What is crocodile oil?
The products of Repcillin range are based on Nile crocodile (Crocodylus niloticus) oil. The Convention on International Trade in Endangered Species of Wild Fauna and Flora (CITES) lists the Nile crocodile under Appendix II which means species are not threatened with extinction, but the collection, processing, domestic trading and exporting of all crocodile products must be controlled.
Giving nature a helping hand
Several projects have been started for breeding Nile crocodiles in captivity with the intention of restocking suitable rivers and lakes. Commercial crocodile farming is a facility that collects wild eggs, hatchlings and/or juveniles that have a low probability of surviving to adulthood, and growing them in captivity. A percentage of the crocodiles raised on commercial crocodile farm are used to restock wild habitats, and the remainder are used for skin and meat products. It is most important that the skin trade is carefully monitored so that only farm-bred animals are used for leather goods.
Any industry that relies on natural, raw materials for its products has an awareness of the supply chain from ‘cradle to grave’, and the importance of protective measures during each and every step. Therefore, a strong focus for Repcillin is the way Crocodile oil is sourced. In addition to using ethically sourced Crocodile oil that comes from CITES stringently monitored commercial crocodile farms, the company has adopted technological innovations that actually contribute to products produced in an environmentally and socially responsible way.
Crocodile oil is derived from the fat of a crocodile. Crocodile fat is a by-product of commercial farming and until very recently has been discarded. The fat from the crocodile is collected when the meat is trimmed and prepared and there is only 600g of fat available from a single crocodile. The fat is then sent for processing (called rendering) which involves heat treatment to break down the fat cells, pressure application and distillation in a centrifuge. This process produces a clear liquid with no residue or smell. All crocodile oil is tested by SABS.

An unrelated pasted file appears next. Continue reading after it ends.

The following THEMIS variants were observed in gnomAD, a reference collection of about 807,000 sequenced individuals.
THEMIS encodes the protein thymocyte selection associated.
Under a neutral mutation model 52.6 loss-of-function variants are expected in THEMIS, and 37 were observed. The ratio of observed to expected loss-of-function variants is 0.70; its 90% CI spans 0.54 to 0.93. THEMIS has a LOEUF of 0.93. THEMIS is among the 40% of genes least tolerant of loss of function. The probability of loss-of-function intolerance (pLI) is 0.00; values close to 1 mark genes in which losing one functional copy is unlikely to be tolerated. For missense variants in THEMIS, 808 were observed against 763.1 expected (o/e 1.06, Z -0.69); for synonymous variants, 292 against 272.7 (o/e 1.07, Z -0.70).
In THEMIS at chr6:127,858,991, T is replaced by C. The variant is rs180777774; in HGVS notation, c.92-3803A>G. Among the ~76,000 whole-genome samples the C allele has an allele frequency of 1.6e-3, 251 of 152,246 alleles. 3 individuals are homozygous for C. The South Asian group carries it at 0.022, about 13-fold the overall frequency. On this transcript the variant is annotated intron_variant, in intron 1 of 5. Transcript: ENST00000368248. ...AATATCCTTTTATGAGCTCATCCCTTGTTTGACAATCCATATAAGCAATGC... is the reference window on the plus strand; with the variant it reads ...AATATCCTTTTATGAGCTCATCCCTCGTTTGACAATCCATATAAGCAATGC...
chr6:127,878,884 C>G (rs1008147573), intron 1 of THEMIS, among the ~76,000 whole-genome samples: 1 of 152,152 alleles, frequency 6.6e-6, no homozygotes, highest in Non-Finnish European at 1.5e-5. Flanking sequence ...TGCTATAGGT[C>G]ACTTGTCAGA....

Modern research studies verify Nile Crocodile Oil as:
- Anti-inflammatory, with effects comparable to ibuprofen;
- Bacteriostatic, does not promote the growth of bacteria;
- Hypoallergenic, not known to cause skin irritation or have any side effects;
- Highly penetrating, non-greasy, absorbs without leaving a greasy feel;
- Non-comedogenic, does not clog pores.
Nile Crocodile Oil naturally contains:
- Vitamin E, a major antioxidant and healing agent;
- Vitamin A, a known skin repairer and antioxidant;
- Linoleic acid, which eases muscle aches and joint pain;
- Oleic acid, a proven skin cell regenerator, anti-wrinkle agent;
- Sapogens, proven skin softeners;
- Terpines, known antiseptics.
Nile Crocodile Oil contains natural anti-inflammatory and healing properties with a wide range of omega oils that are known to facilitate good health. It is considered a complete source of essential fatty acids. Essential Fatty Acids (EFA’s) are fats that humans cannot manufacture or synthesize. We must obtain them from our diet. Like vitamins and minerals they are essential to the body’s functions. Incredibly, this amazing oil contains Omega 3, 6, 9 essential fatty acids and is a powerful skin moisturizer and possesses strong anti-inflammatory properties.
Humans from the ancient times tend to utilize wild animals or insects in preparation of their traditional medicines for therapeutic purposes as they believed those wild animals and insects comprise of essential ingredients for the preparation of drugs. Crocodile (Crocodylus niloticus) oil which was traditionally used as treatment for ailments such as skin rashes, skin ulcers and cancer and in promoting wound healing, was justified by scientists to exert antifungal and antibacterial effect against Candida albicans, S. aureus and Klebsiella pneumoniae. Oleic, palmic and linoleic acid (18:2) were identified as the major components in crocodile oil. Medium chain fatty acid, lauric acid and its liposomal derivatives were evaluated and proven to give strong bactericidal activity against Propionibacterium acnes. Lauric acid and its liposomal derivatives were found to interact with P.acnes through fusion, but aggregation or adsorption. The compounds fused with the bacterial membrane and released active ingredients into the membrane. The effectiveness of lauric acid in inhibiting the bacterial growth especially Gram-positive bacteria was again demonstrated in Enterococcae. Short chain fatty acid, caprylic acid (8:0), was a potent antimicrobial against coliforms (Gram-negative).